As a traveling nurse, one of the things you have to get used to is meeting new people all the time. Forming new work relationships and following different procedures are part of the job.
While that can be exciting and motivating, it can also be a little nerve-racking. It’s normal to feel a bit anxious when stepping into a new workplace and trying to connect with co-workers, especially in a medical setting.
First impressions count. They can make or break how a fellow nurse, doctor, or other staff member sees you from the very beginning. So, when you’re working in a new hospital, making a good first impression is key.
Thankfully, it’s easier than you might think. Let’s cover a few key strategies that will start you off on the right foot, whether you’re a first-time travel nurse or you need some help fitting in at new locations.
From your very first day on the job, your co-workers will form an impression of you. Before you speak a word, people can judge things like punctuality, the way you’re dressed, your ability to listen, and your attitude. Carrying yourself professionally and showing up with the desire to be a team player are great ways to say a lot about yourself before your first introduction.
When you finally do get to talk to a co-worker, there are a few tips that can make it easier for your first impression to be positive, including:
- Making eye contact
- Preparing talking pieces
- Being mindful of body language
- Offering a genuine smile
Those tips might seem like common knowledge, but they’re easy to forget or overlook when you’re nervous about starting a new job or meeting people. Practice them in front of a mirror, so you’re prepared and confident when it comes time to put them to use. No matter who you’re talking to or meeting, these actions matter. If someone establishes a negative first impression of you, they could mention it to someone else and “taint” another person’s view before they even get a chance to meet you.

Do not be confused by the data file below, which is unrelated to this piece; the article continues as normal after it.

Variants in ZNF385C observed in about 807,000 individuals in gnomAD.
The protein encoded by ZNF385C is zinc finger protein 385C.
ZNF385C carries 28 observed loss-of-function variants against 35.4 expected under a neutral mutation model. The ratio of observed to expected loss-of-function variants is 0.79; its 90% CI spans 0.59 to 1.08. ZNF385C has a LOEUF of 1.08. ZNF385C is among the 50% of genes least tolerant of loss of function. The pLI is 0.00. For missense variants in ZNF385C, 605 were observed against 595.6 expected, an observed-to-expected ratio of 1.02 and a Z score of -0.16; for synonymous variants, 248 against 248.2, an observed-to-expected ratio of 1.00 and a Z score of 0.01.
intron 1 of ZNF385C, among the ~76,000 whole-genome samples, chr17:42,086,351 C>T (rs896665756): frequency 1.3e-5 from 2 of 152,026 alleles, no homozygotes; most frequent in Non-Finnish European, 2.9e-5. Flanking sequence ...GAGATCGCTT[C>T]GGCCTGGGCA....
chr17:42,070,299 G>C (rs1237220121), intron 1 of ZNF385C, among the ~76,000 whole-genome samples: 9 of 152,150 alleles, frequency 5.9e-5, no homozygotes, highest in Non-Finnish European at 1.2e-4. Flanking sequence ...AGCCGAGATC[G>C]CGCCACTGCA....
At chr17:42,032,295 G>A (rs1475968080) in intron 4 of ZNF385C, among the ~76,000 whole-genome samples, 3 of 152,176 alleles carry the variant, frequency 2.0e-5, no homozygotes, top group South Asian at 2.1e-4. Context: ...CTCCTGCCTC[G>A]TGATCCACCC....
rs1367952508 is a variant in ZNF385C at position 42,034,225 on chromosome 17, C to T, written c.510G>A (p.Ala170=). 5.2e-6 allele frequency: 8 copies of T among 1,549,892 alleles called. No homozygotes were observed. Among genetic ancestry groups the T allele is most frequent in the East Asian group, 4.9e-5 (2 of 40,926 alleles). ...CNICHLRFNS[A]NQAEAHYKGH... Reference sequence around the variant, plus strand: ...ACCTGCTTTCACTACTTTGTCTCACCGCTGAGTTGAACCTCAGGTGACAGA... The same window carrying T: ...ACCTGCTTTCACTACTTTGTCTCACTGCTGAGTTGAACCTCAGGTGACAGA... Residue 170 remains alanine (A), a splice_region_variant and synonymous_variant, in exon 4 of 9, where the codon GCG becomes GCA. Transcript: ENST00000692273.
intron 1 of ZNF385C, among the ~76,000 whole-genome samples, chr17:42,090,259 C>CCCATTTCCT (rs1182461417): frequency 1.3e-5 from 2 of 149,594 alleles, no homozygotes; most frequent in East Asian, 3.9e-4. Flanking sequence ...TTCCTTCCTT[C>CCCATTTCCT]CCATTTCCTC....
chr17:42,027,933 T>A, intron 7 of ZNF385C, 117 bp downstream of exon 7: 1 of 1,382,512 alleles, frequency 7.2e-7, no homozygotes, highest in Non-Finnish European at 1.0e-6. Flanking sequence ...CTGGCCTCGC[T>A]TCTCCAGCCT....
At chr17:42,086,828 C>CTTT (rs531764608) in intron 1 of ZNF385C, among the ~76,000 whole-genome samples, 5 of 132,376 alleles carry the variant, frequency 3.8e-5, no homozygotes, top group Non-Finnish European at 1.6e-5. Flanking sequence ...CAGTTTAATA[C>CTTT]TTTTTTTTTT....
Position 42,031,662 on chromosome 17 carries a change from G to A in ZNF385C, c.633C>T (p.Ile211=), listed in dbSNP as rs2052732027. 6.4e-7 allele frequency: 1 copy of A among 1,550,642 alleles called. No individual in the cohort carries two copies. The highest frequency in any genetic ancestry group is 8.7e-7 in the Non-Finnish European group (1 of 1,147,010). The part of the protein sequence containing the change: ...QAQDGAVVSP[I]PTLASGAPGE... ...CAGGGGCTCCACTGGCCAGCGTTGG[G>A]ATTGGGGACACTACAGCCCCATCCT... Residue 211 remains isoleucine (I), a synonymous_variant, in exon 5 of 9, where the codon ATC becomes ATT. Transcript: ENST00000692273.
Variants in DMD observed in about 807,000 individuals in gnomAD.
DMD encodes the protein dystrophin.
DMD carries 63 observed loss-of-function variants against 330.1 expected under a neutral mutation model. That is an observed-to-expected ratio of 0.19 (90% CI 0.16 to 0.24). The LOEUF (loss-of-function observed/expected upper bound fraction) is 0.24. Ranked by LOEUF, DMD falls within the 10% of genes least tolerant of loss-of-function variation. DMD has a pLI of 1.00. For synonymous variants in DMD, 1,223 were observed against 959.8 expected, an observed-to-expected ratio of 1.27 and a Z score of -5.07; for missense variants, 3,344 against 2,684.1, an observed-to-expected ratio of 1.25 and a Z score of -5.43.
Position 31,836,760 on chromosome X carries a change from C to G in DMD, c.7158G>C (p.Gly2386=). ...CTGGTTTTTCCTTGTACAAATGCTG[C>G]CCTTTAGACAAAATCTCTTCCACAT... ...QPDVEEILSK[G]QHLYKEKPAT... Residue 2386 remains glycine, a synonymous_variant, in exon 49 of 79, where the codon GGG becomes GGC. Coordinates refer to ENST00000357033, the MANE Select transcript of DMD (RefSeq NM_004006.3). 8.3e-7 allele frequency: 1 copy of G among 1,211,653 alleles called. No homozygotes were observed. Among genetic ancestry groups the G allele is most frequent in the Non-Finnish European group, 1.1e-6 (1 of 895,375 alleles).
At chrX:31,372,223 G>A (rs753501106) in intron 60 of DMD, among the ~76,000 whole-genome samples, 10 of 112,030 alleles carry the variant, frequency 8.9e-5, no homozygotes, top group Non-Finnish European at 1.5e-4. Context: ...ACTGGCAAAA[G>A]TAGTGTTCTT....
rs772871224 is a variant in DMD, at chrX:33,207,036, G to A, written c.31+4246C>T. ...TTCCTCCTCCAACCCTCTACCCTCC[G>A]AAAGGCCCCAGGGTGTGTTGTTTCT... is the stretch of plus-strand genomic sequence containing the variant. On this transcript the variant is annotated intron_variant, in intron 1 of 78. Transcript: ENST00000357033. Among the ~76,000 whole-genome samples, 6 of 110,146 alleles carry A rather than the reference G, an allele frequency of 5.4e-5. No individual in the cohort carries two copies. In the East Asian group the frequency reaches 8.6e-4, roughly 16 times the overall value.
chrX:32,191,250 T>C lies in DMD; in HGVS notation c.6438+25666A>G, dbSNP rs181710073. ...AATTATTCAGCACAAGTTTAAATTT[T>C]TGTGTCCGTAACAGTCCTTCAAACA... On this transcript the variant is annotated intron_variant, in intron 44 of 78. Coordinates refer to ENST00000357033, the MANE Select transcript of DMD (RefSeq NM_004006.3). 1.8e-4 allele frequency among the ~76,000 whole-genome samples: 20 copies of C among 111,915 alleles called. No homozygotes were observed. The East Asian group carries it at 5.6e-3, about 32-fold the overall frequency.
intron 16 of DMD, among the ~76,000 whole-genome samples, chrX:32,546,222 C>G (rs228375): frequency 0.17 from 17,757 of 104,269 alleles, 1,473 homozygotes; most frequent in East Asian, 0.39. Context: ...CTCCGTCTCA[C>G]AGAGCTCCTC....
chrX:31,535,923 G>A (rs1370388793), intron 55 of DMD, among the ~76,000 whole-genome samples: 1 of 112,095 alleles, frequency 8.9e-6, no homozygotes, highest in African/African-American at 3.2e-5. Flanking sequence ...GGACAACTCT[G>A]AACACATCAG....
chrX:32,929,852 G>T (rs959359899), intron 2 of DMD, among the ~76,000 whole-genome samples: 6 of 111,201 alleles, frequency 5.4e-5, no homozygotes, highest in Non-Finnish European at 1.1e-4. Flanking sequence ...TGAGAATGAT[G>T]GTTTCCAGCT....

As a travel nurse, it’s just as important for people to develop a positive impression of your skills as it is for them to like your personality. That includes your hard skills and medical abilities, of course. But, soft skills are just as important for making the first impression. Many soft skills in the healthcare field across various positions. The best skills for medical billers and coders, for example, are very similar to the best traits a traveling nurse should have, including:
- Strong communication
- Active listening
- Problem-solving skills
- Conflict management
- Organizational skills
You’ll stand out even more if you adopt an attitude of growth and display a willingness to learn. You can use your skills and experience to help and support other members of your staff. But, be open to learning new things, too. Not only can that openness improve your career, but it will make you more approachable and give you more knowledge to pass on to others as needed.
Finally, one of the most important skills to have is flexibility.
Traveling nurses find themselves in a variety of environments and situations every day. You have to be willing to adapt to your location and the needs of the staff and patients almost immediately. If you’re standoffish or “stubborn” about doing things a certain way, that’s going to negatively impact your work and the way others in the field perceive you.
At the end of the day, your skills as a nurse are what matter most. But, you’ll have an easier time at any hospital when you’re able to establish positive relationships with other team members. Keep these suggestions in mind to make a good first impression wherever you are, and you’ll be more likely to enjoy every minute spent in each location.
We hope you found these tips for making a good first impression at a new hospital helpful. Do you have any tips for making a good first impression to share with fellow travel nurses? Comment them below.